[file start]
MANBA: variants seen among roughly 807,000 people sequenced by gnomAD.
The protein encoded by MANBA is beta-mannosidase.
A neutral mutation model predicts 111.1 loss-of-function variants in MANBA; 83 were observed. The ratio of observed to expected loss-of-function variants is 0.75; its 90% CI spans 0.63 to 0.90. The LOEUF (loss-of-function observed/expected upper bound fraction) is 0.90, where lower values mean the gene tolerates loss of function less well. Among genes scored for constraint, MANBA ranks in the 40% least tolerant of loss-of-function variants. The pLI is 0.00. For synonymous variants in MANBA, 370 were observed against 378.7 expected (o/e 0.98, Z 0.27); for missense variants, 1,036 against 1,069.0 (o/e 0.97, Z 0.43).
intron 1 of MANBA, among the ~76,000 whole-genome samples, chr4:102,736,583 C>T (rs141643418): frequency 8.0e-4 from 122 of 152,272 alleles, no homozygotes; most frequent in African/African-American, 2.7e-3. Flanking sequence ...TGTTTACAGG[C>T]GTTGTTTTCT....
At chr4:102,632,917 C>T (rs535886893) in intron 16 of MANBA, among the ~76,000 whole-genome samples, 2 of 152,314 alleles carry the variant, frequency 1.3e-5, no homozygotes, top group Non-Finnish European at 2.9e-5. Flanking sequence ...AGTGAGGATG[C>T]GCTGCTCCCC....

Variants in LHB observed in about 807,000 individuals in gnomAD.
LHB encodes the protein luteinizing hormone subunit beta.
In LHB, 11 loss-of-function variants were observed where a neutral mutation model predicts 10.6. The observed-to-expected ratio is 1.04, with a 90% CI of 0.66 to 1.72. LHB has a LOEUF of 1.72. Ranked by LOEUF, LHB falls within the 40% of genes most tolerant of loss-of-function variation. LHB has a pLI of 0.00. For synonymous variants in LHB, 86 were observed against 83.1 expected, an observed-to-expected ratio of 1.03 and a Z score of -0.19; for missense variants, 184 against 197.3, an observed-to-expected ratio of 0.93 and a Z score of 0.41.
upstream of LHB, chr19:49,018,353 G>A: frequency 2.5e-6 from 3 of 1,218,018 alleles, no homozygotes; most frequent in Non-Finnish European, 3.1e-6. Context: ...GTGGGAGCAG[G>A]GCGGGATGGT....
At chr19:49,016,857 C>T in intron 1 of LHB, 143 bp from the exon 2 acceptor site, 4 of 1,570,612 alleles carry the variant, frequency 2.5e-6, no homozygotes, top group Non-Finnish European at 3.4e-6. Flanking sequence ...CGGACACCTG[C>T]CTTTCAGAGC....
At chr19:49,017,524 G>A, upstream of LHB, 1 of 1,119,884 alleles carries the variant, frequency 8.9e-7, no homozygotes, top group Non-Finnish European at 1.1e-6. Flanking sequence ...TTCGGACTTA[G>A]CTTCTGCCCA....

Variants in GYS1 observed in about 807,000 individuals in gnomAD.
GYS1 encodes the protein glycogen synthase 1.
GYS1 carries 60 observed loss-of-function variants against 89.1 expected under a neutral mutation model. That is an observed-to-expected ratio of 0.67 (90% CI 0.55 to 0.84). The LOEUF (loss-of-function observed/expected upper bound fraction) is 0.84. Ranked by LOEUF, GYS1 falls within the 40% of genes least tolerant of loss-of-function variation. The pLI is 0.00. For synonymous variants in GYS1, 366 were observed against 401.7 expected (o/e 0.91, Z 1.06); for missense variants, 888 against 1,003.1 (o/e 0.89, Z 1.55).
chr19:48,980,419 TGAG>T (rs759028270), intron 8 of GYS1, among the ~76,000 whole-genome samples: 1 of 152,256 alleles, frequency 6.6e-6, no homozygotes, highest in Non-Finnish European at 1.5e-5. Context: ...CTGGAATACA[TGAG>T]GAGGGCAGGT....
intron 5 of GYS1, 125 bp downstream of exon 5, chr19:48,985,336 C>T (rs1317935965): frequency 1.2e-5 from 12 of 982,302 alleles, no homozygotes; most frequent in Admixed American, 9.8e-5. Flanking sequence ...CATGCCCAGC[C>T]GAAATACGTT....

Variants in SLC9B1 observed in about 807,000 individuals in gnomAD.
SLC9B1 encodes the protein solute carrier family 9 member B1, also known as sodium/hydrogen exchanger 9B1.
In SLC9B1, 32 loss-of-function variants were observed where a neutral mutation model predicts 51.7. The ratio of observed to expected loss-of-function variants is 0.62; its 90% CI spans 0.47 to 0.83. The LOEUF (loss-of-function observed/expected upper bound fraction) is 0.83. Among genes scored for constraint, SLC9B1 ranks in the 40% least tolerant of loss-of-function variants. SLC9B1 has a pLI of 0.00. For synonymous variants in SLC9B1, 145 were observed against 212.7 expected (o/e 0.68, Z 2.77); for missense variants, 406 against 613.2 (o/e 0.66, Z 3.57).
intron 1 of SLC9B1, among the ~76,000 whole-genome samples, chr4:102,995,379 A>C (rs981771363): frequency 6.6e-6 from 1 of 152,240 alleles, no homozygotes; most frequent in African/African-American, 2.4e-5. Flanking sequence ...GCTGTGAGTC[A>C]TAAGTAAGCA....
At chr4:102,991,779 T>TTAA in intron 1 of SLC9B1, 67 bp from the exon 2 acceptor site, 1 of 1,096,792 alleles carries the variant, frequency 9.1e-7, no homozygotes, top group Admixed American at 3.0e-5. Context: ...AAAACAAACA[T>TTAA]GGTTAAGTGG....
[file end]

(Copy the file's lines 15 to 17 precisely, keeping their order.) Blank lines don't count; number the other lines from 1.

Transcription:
chr19:48,980,419 TGAG>T (rs759028270), intron 8 of GYS1, among the ~76,000 whole-genome samples: 1 of 152,256 alleles, frequency 6.6e-6, no homozygotes, highest in Non-Finnish European at 1.5e-5. Context: ...CTGGAATACA[TGAG>T]GAGGGCAGGT....
intron 5 of GYS1, 125 bp downstream of exon 5, chr19:48,985,336 C>T (rs1317935965): frequency 1.2e-5 from 12 of 982,302 alleles, no homozygotes; most frequent in Admixed American, 9.8e-5. Flanking sequence ...CATGCCCAGC[C>T]GAAATACGTT....

Variants in SLC9B1 observed in about 807,000 individuals in gnomAD.